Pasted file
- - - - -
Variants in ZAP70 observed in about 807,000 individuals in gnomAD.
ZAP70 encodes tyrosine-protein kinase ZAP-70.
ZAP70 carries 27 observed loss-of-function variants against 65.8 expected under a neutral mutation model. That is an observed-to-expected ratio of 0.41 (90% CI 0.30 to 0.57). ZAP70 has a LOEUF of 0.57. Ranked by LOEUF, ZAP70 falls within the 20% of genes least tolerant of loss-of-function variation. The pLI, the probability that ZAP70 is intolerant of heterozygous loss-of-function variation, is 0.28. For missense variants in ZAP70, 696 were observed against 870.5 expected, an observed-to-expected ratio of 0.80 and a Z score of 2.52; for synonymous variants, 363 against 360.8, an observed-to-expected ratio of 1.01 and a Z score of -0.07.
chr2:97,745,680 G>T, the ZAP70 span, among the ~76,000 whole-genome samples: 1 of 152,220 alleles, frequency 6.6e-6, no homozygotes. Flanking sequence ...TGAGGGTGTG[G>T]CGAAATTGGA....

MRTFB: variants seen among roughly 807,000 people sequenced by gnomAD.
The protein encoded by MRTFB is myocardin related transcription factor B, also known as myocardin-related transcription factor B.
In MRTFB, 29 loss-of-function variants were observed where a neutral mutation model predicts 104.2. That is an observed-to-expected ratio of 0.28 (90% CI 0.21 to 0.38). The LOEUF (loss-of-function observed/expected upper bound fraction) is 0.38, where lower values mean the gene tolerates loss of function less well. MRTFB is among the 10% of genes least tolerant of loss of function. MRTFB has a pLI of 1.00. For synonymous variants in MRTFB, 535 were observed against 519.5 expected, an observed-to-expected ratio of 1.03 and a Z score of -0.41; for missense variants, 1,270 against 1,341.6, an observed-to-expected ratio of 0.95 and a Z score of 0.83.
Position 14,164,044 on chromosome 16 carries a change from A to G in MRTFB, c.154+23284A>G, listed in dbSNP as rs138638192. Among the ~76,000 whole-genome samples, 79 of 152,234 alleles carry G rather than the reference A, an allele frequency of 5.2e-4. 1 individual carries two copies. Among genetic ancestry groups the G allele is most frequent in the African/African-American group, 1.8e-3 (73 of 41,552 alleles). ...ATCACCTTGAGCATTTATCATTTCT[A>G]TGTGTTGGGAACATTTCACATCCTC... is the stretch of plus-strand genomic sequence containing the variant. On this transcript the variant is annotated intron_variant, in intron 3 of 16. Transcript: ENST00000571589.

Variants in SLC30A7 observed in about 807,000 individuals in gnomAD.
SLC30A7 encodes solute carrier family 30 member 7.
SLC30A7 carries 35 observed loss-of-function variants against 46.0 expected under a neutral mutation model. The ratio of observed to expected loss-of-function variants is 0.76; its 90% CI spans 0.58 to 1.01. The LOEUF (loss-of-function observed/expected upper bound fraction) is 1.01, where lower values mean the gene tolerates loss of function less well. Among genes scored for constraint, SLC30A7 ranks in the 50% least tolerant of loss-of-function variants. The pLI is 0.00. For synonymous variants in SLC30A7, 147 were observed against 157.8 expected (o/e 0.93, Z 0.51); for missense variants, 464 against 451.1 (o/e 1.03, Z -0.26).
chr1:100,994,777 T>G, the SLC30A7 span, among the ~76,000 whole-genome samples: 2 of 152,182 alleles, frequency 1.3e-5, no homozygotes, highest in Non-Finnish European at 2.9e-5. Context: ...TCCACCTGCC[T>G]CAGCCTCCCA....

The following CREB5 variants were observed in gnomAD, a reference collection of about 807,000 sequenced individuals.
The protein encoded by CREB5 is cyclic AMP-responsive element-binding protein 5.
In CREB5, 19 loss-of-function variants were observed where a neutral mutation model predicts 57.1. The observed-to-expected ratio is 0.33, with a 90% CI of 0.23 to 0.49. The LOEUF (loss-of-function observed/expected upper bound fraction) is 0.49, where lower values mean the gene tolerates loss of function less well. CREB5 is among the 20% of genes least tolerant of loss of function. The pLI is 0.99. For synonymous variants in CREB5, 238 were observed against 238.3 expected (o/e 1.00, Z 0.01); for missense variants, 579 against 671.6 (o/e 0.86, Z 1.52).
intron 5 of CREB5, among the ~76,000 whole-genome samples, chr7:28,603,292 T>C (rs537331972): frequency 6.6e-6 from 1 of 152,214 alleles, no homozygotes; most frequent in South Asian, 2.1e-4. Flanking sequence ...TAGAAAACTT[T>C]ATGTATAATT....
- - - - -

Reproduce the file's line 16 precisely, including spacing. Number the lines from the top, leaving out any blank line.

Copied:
intron 5 of CREB5, among the ~76,000 whole-genome samples, chr7:28,603,292 T>C (rs537331972): frequency 6.6e-6 from 1 of 152,214 alleles, no homozygotes; most frequent in South Asian, 2.1e-4. Flanking sequence ...TAGAAAACTT[T>C]ATGTATAATT....